Think about good (or at least well-crafted) movies you’ve seen. Raiders of the Lost Ark, for instance. Every time Spielberg and Lucas show you anything, it is relevant to the story. Think about what they show you. Indy has a fear of snakes, demonstrated in an early scene. Later, trying to retrieve the Ark, he is surrounded by…snakes! Also, think about what they don’t show you. Maybe Indy is an expert ballroom dancer, but it’s irrelevant so they do not establish it. There is not a drop of fat on that film. Everything shown serves a purpose relevant to the story at hand. Same with Rocky. Or The Wizard of Oz. Or any story written by a skilled professional.
If it’s not necessary, leave it out.
In Body Heat the sex was absolutely germane. So it was there, and done with steamy effectiveness. In Cat People sex is the core of the conceit.
In comics…? I’m trying to think of good examples. Hmm. Jaime Hernandez did some sweet, elegant, usually brief, intrinsic sex scenes in early issues of Love and Rockets. David Lapham did some well-crafted, germane sex scenes in Stray Bullets. I’ve been told that Bill Willingham’s Fables had some good and necessary ones. In Elfquest, Wendy and Richard Pini did some nice scenes. Others? Help me.
Anyway…the subject of sex in comics gets me right back to my usual rant, bad writing in comics.
I think that too often these days, characters are twisted to serve the whims, puerile fantasies and personal proclivities of the creators. Ignoring or perverting the nature of the characters is bad writing.
As for sex in comics in general, if portrayed skillfully and well, if it is absolutely germane, in character and essential, there is nothing that can’t be done. It doesn’t have to be sticky-gooey-graphic. Whatever is necessary, I suppose, that is non-actionable.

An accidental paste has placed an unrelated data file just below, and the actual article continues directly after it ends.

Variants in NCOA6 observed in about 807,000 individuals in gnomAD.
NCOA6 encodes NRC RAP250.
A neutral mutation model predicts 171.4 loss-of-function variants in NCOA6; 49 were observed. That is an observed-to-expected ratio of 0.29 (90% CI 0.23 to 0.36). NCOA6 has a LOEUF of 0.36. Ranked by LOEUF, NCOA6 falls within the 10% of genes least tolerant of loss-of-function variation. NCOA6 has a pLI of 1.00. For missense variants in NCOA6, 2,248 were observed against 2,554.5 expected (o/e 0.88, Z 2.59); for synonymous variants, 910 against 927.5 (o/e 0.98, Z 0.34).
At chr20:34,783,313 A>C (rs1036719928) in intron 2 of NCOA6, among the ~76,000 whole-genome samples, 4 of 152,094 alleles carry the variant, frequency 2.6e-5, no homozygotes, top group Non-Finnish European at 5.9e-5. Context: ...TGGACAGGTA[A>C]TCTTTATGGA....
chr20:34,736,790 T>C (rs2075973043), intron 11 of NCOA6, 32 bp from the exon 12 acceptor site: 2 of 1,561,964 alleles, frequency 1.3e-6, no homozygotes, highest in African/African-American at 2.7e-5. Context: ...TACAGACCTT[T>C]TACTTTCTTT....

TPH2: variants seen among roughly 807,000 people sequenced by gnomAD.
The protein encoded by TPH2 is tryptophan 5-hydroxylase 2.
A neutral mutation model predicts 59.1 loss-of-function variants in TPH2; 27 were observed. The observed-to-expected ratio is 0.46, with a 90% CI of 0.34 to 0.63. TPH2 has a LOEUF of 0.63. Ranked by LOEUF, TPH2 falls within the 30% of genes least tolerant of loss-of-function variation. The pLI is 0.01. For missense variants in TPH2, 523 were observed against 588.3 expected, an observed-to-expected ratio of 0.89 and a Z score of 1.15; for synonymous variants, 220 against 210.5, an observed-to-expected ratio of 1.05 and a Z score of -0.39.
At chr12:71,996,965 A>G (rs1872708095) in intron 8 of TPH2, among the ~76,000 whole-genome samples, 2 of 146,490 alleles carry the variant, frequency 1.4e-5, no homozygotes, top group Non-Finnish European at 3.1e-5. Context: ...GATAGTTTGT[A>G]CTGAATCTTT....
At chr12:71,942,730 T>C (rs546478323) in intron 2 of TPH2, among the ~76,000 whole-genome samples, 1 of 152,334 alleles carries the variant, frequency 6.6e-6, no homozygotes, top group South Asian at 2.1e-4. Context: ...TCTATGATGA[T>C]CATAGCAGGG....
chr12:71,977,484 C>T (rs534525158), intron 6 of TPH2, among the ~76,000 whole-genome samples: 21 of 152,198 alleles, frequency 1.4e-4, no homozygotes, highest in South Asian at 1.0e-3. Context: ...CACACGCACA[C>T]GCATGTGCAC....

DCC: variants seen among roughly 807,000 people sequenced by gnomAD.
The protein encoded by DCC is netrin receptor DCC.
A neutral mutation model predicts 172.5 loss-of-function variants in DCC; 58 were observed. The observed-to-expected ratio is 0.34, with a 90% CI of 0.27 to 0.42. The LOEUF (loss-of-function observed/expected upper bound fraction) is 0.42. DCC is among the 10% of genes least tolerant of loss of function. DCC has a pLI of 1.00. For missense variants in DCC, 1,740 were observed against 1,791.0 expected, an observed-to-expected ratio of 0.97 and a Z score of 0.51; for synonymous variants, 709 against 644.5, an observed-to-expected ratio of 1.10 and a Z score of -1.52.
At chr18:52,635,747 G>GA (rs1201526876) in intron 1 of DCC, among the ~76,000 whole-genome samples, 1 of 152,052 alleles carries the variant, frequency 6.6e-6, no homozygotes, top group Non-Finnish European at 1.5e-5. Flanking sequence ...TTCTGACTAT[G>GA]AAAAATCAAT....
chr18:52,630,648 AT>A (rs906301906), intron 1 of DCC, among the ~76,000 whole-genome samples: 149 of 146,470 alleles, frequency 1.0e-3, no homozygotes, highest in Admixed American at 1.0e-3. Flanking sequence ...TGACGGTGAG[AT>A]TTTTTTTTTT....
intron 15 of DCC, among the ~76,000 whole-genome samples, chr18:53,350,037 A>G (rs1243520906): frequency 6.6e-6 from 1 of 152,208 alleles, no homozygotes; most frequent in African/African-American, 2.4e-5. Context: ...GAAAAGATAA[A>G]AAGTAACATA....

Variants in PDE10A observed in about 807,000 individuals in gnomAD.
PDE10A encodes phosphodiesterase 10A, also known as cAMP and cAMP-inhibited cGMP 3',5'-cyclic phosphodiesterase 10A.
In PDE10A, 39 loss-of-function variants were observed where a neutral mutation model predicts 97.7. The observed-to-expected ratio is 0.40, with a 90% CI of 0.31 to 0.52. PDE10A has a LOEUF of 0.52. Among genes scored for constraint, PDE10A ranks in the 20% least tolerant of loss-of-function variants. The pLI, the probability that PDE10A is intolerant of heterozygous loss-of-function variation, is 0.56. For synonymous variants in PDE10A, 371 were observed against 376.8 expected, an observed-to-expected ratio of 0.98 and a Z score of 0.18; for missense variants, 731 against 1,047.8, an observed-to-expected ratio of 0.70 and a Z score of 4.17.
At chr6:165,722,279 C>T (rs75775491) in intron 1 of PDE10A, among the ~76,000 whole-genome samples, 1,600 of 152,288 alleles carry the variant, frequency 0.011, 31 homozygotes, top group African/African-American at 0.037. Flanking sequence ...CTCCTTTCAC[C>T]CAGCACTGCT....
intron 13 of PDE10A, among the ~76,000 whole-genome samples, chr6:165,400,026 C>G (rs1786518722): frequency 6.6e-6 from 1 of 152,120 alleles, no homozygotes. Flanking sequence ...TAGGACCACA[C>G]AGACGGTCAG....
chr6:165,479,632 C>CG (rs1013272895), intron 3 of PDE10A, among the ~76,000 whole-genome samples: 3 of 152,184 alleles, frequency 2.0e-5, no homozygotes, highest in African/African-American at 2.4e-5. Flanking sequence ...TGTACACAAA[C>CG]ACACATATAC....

What about my handling of sex in comics, you may be wondering. Here’s a comment and answer pertaining to my Dark Horse and Legion work from a while back:
Defiant1 has left a new comment on your post "Legion of Super Heroes Overview, Part 3":
My understanding is that you want your characters to have real motivations and sex or sexuality is a real motivation you've opted to include. From what I can tell, your latest work has been a tad bit heavier using sex or sexuality as a component when compared to your previous works. It also seems to have extended towards a seedier portrayal of sex. This has prompted some some criticism from a couple of people online. I am not offended, but I felt it's been a little heavy at a time when comics need to appeal to the largest demographic audience possible. With some major titles from Marvel even struggling to sell 50,000 copies, wouldn't it be better to write a story that can appeal to the largest demographic audience? I'd like to see mature comics that didn't require parents to censor their kids from reading them. I'm not an advocate of turning comics into a mindless "Barney the dinosaur" feel-good experience to rot children's brain cells, but I think it is possible to to write great stories that don't have half naked women draped over the heroes shoulder.